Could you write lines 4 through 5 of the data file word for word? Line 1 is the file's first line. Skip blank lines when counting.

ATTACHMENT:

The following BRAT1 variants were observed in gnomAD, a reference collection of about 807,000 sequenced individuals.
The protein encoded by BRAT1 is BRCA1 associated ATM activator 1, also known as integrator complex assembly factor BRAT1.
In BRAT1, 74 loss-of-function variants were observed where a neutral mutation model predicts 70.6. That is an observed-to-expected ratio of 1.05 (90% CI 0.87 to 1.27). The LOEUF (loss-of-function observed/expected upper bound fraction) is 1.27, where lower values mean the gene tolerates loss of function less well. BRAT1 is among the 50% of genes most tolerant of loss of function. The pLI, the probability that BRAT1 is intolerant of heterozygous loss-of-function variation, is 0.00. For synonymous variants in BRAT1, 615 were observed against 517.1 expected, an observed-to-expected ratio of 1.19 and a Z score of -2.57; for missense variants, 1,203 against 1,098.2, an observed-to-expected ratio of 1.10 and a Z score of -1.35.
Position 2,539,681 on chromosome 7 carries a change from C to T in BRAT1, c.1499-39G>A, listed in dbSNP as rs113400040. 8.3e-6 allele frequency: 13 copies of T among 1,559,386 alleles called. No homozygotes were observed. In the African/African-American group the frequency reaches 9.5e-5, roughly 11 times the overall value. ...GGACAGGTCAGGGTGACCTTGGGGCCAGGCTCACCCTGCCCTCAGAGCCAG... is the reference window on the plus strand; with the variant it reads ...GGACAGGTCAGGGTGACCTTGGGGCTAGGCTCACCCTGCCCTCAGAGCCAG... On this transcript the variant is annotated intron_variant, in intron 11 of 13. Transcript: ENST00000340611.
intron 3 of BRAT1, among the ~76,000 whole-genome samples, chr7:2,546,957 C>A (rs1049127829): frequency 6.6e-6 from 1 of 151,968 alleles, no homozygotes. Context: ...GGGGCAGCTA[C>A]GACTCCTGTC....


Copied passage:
Position 2,539,681 on chromosome 7 carries a change from C to T in BRAT1, c.1499-39G>A, listed in dbSNP as rs113400040. 8.3e-6 allele frequency: 13 copies of T among 1,559,386 alleles called. No homozygotes were observed. In the African/African-American group the frequency reaches 9.5e-5, roughly 11 times the overall value. ...GGACAGGTCAGGGTGACCTTGGGGCCAGGCTCACCCTGCCCTCAGAGCCAG... is the reference window on the plus strand; with the variant it reads ...GGACAGGTCAGGGTGACCTTGGGGCTAGGCTCACCCTGCCCTCAGAGCCAG... On this transcript the variant is annotated intron_variant, in intron 11 of 13. Transcript: ENST00000340611.
intron 3 of BRAT1, among the ~76,000 whole-genome samples, chr7:2,546,957 C>A (rs1049127829): frequency 6.6e-6 from 1 of 151,968 alleles, no homozygotes. Context: ...GGGGCAGCTA[C>A]GACTCCTGTC....